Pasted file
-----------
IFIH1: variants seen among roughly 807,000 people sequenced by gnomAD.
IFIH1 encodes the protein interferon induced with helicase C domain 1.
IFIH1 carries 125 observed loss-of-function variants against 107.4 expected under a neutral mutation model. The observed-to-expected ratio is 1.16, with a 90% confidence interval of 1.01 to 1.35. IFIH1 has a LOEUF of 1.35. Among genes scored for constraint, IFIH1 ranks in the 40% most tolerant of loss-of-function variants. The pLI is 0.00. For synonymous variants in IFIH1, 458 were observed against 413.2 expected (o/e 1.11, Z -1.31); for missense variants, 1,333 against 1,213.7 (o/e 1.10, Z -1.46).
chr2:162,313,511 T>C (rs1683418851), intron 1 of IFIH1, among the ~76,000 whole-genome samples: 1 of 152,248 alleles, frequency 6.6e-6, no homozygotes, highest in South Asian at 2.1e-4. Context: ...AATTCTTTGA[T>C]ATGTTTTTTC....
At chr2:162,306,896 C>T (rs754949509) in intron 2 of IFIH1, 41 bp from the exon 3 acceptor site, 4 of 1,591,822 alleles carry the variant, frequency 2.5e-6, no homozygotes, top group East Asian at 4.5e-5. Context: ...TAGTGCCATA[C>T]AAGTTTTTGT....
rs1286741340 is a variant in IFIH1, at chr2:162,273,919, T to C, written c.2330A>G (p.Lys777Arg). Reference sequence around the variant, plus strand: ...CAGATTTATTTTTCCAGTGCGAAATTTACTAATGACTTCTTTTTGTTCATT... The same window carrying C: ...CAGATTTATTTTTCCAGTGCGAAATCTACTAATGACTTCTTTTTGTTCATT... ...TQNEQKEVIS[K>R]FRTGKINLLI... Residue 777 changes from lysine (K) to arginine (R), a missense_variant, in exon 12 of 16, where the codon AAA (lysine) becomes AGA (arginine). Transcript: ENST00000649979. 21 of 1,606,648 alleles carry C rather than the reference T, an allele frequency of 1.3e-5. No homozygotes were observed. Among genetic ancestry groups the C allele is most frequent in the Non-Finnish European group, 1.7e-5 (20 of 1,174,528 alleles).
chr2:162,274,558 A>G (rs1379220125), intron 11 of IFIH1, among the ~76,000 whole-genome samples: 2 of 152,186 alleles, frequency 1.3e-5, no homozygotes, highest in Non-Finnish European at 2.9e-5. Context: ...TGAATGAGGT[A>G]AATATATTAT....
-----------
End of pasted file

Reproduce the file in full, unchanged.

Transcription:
IFIH1: variants seen among roughly 807,000 people sequenced by gnomAD.
IFIH1 encodes the protein interferon induced with helicase C domain 1.
IFIH1 carries 125 observed loss-of-function variants against 107.4 expected under a neutral mutation model. The observed-to-expected ratio is 1.16, with a 90% confidence interval of 1.01 to 1.35. IFIH1 has a LOEUF of 1.35. Among genes scored for constraint, IFIH1 ranks in the 40% most tolerant of loss-of-function variants. The pLI is 0.00. For synonymous variants in IFIH1, 458 were observed against 413.2 expected (o/e 1.11, Z -1.31); for missense variants, 1,333 against 1,213.7 (o/e 1.10, Z -1.46).
chr2:162,313,511 T>C (rs1683418851), intron 1 of IFIH1, among the ~76,000 whole-genome samples: 1 of 152,248 alleles, frequency 6.6e-6, no homozygotes, highest in South Asian at 2.1e-4. Context: ...AATTCTTTGA[T>C]ATGTTTTTTC....
At chr2:162,306,896 C>T (rs754949509) in intron 2 of IFIH1, 41 bp from the exon 3 acceptor site, 4 of 1,591,822 alleles carry the variant, frequency 2.5e-6, no homozygotes, top group East Asian at 4.5e-5. Context: ...TAGTGCCATA[C>T]AAGTTTTTGT....
rs1286741340 is a variant in IFIH1, at chr2:162,273,919, T to C, written c.2330A>G (p.Lys777Arg). Reference sequence around the variant, plus strand: ...CAGATTTATTTTTCCAGTGCGAAATTTACTAATGACTTCTTTTTGTTCATT... The same window carrying C: ...CAGATTTATTTTTCCAGTGCGAAATCTACTAATGACTTCTTTTTGTTCATT... ...TQNEQKEVIS[K>R]FRTGKINLLI... Residue 777 changes from lysine (K) to arginine (R), a missense_variant, in exon 12 of 16, where the codon AAA (lysine) becomes AGA (arginine). Transcript: ENST00000649979. 21 of 1,606,648 alleles carry C rather than the reference T, an allele frequency of 1.3e-5. No homozygotes were observed. Among genetic ancestry groups the C allele is most frequent in the Non-Finnish European group, 1.7e-5 (20 of 1,174,528 alleles).
chr2:162,274,558 A>G (rs1379220125), intron 11 of IFIH1, among the ~76,000 whole-genome samples: 2 of 152,186 alleles, frequency 1.3e-5, no homozygotes, highest in Non-Finnish European at 2.9e-5. Context: ...TGAATGAGGT[A>G]AATATATTAT....